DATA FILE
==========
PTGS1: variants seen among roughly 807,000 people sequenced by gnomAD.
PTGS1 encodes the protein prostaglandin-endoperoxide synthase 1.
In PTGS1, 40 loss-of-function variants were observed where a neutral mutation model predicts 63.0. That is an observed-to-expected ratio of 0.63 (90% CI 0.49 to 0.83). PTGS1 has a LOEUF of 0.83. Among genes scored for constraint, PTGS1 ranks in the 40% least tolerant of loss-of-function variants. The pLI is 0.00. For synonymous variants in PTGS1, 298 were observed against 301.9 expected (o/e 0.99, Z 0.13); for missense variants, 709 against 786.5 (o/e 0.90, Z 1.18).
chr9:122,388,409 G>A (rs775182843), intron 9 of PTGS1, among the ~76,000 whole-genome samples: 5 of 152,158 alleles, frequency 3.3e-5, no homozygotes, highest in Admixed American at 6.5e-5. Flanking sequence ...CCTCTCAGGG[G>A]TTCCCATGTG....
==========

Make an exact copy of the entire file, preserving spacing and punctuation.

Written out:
PTGS1: variants seen among roughly 807,000 people sequenced by gnomAD.
PTGS1 encodes the protein prostaglandin-endoperoxide synthase 1.
In PTGS1, 40 loss-of-function variants were observed where a neutral mutation model predicts 63.0. That is an observed-to-expected ratio of 0.63 (90% CI 0.49 to 0.83). PTGS1 has a LOEUF of 0.83. Among genes scored for constraint, PTGS1 ranks in the 40% least tolerant of loss-of-function variants. The pLI is 0.00. For synonymous variants in PTGS1, 298 were observed against 301.9 expected (o/e 0.99, Z 0.13); for missense variants, 709 against 786.5 (o/e 0.90, Z 1.18).
chr9:122,388,409 G>A (rs775182843), intron 9 of PTGS1, among the ~76,000 whole-genome samples: 5 of 152,158 alleles, frequency 3.3e-5, no homozygotes, highest in Admixed American at 6.5e-5. Flanking sequence ...CCTCTCAGGG[G>A]TTCCCATGTG....